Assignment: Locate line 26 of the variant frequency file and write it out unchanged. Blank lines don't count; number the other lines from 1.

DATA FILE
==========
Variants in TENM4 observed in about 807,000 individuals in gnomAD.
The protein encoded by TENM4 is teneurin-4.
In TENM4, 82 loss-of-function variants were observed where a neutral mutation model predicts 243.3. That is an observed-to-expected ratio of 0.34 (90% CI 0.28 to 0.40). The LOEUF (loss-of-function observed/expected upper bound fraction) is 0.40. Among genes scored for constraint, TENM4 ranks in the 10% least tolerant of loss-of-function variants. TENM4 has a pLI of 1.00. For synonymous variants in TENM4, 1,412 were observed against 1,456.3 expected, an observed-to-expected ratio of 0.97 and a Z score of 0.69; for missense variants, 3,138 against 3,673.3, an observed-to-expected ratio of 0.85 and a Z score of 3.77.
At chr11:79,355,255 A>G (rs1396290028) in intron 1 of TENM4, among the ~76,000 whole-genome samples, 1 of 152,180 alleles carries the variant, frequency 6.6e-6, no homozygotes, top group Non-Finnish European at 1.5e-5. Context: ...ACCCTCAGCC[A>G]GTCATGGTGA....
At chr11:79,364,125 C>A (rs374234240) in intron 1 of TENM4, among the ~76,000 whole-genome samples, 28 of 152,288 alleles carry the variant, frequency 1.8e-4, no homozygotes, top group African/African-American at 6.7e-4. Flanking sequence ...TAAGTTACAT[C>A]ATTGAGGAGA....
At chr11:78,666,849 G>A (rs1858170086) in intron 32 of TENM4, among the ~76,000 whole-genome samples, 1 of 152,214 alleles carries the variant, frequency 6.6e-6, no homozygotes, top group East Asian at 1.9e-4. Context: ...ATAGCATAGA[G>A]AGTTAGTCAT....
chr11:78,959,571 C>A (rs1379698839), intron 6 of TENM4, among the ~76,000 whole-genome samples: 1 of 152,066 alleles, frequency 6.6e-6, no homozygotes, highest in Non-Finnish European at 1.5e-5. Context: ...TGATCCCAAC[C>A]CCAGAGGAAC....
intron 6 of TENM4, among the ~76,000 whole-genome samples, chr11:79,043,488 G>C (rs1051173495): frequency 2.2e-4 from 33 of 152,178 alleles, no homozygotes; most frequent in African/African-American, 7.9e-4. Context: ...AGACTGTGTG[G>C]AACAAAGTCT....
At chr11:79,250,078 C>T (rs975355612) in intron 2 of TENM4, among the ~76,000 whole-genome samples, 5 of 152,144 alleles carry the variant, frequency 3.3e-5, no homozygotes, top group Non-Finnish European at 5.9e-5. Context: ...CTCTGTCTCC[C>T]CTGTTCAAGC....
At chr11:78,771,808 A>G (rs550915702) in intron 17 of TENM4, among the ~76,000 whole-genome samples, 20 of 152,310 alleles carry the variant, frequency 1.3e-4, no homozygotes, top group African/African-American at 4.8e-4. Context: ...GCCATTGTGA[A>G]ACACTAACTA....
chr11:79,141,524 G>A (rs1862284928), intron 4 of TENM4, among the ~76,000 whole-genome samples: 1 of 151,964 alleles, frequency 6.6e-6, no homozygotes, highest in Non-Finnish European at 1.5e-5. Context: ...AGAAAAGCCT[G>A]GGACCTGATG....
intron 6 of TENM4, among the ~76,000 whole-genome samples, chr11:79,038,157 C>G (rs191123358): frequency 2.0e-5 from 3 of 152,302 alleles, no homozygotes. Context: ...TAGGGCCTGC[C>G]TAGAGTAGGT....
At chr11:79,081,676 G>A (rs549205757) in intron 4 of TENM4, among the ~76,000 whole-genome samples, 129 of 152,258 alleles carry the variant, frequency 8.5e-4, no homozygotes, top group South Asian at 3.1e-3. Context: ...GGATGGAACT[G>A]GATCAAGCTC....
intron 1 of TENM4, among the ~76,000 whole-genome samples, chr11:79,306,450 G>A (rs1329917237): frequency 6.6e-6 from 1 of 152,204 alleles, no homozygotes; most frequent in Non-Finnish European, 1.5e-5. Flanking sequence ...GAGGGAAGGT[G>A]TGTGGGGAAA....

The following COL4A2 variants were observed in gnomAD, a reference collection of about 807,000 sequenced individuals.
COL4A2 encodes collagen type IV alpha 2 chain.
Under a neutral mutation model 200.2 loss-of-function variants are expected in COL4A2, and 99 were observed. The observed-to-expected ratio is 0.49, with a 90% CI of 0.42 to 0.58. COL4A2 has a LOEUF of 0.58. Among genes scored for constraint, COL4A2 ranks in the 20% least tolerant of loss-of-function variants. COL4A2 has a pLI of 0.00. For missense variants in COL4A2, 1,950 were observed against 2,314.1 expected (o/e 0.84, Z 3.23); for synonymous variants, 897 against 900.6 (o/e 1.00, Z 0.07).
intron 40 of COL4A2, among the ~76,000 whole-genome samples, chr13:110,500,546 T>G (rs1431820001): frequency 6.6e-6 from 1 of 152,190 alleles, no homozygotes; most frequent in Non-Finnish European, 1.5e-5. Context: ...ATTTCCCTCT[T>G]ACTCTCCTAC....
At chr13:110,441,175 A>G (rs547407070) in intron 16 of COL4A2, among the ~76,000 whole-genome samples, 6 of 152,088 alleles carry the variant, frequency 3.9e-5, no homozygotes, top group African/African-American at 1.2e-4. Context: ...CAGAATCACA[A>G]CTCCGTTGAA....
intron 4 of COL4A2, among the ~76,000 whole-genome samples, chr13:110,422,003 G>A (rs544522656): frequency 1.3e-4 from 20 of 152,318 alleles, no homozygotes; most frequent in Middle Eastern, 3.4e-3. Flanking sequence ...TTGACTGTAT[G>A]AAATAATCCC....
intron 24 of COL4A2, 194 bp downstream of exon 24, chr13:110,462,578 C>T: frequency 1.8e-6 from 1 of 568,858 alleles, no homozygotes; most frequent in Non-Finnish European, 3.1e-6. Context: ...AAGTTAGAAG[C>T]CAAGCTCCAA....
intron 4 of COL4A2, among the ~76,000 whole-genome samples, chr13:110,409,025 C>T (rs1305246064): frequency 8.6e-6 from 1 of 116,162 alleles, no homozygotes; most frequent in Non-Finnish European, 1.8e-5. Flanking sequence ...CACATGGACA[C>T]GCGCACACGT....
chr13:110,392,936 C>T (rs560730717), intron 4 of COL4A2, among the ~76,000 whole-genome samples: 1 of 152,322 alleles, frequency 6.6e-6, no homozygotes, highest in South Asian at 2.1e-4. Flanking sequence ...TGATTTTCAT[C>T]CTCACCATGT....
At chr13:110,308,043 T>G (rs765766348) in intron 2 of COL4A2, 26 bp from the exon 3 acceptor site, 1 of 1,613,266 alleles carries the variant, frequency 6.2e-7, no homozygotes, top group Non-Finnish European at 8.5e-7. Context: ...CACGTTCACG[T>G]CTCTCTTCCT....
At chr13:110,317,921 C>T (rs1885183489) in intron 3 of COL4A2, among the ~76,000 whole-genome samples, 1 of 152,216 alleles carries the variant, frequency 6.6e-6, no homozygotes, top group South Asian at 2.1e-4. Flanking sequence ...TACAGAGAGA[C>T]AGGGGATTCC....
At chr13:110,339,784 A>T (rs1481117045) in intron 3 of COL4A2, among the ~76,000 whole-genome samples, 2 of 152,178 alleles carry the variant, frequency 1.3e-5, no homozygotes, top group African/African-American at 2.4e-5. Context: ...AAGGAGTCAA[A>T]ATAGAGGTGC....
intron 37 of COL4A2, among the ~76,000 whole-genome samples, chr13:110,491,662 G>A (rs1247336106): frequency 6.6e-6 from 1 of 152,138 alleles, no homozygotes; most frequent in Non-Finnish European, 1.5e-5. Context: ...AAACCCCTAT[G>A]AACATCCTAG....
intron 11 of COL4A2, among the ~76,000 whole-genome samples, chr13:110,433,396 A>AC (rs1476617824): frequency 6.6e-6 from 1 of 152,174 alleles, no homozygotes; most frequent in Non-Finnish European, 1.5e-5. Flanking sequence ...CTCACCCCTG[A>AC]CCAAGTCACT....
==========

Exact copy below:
At chr13:110,339,784 A>T (rs1481117045) in intron 3 of COL4A2, among the ~76,000 whole-genome samples, 2 of 152,178 alleles carry the variant, frequency 1.3e-5, no homozygotes, top group African/African-American at 2.4e-5. Context: ...AAGGAGTCAA[A>T]ATAGAGGTGC....